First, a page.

Starting today I will be off on a road trip for a couple weeks. I may occasionally check in when I’m in Albuquerque next week, but most likely I won’t be writing again here until mid-July. I would like to add one thing about Honduras before I leave. After he was thwarted from landing in Tegucigalpa, Zelaya called on Obama to impose economic sanctions on Honduras. “Otherwise, it’s the death of democracy in the Americas,” he said. We have become far too comfortable identifying the cause of democracy in other countries with the cause of particular politicians. In Honduras, it is Zelaya, while in Georgia it has been Saakashvili. We have already seen how this identification has enabled reckless, dangerous behavior by Saakashvili and so poorly served Georgia. If we fall for this trick again, it will be the majority of Hondurans and not the oligarchs contesting over their future who will suffer the most for it.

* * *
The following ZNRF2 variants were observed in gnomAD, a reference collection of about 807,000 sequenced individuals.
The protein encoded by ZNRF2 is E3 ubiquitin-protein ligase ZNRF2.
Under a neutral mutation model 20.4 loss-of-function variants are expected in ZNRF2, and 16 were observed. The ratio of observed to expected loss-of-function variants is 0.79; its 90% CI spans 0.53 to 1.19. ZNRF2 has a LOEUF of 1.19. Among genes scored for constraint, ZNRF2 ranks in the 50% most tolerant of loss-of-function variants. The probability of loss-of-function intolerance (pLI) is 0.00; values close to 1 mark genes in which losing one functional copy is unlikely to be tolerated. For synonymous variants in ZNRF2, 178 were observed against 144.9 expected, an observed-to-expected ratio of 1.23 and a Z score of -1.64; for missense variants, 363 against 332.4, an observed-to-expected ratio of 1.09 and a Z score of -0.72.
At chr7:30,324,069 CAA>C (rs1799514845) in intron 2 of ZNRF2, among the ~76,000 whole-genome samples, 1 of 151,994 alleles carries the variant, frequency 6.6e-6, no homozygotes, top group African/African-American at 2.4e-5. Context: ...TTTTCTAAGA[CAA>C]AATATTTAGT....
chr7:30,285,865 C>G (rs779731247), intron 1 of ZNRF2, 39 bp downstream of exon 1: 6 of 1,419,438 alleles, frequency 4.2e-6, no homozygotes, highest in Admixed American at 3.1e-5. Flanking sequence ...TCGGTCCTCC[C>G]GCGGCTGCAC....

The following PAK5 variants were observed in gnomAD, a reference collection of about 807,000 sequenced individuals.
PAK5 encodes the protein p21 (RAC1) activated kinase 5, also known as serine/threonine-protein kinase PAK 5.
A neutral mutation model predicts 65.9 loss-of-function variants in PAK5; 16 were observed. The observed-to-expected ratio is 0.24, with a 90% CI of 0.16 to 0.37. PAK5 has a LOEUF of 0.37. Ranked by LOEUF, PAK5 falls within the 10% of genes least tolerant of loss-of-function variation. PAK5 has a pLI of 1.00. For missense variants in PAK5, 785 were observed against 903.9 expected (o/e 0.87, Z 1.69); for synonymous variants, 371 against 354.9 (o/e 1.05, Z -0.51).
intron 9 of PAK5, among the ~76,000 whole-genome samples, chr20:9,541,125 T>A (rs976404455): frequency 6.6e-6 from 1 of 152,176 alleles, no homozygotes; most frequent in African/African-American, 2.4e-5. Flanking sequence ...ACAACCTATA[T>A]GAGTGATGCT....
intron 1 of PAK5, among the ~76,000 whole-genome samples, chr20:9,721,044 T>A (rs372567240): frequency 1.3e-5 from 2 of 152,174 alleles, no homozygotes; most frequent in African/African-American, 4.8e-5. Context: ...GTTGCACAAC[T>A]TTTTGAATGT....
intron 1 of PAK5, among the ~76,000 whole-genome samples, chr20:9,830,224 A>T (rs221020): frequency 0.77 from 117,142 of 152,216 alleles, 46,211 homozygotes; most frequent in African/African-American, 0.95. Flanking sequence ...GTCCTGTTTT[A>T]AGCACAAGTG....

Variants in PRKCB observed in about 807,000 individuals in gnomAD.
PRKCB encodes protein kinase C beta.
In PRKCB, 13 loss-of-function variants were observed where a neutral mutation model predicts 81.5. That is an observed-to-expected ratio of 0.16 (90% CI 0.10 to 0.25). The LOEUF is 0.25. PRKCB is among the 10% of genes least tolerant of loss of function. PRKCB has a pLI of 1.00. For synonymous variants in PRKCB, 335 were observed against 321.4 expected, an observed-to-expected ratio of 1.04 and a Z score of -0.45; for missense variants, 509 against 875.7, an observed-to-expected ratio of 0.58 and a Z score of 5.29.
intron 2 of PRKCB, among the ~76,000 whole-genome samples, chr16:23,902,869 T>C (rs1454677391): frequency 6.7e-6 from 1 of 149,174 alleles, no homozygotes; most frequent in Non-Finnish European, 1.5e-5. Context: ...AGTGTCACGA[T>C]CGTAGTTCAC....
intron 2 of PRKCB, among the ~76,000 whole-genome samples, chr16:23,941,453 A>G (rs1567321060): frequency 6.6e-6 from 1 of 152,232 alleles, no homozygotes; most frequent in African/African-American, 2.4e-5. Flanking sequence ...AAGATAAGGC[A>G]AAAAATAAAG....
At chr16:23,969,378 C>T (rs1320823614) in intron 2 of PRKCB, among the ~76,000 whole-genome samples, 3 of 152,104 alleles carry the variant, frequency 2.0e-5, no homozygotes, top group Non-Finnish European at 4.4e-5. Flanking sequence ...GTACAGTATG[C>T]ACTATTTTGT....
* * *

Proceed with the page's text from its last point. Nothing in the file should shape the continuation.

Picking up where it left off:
Last year we saw how most Westerners automatically gave the benefit of the doubt to Saakashvili and his supporters during the war with Russia in August. As it turns out and as most people who followed the war from the beginning understood, the blame was mostly Saakashvili’s, but this did not stop constant, outraged cries about “Russian aggression.” It is true that the Russians went further than they needed or should have gone, and so aided their foreign critics in painting them as the villains of the story, but the root of the problem was Saakashvili and the West’s tacit or open encouragement of his recklessness. As Saakashvili did, it was Zelaya who escalated the crisis and precipitated the conflict that has been unfolding over the last week. The institutions of Honduran government responded to this escalation in a way not very different from the Russian response to Georgian escalation: they retaliated and struck back, and mistakenly have gone further than they should have. Just as Saakashvili inspired visceral loathing in the Kremlin, Zelaya seems to inspire the same visceral hatred in the Honduran elite, and as understandable as that feeling might be in both cases it has led to excesses in responding to a situation made worse by the reckless demagogue. In both cases, the demagogue is ultimately responsible, but those who are trying to hold him accountable have to hold themselves to a higher standard, and in this case that means not resorting to violence in response to the provocations of Zelaya’s supporters. If it is going to survive, Honduras’ government cannot afford any more bad press.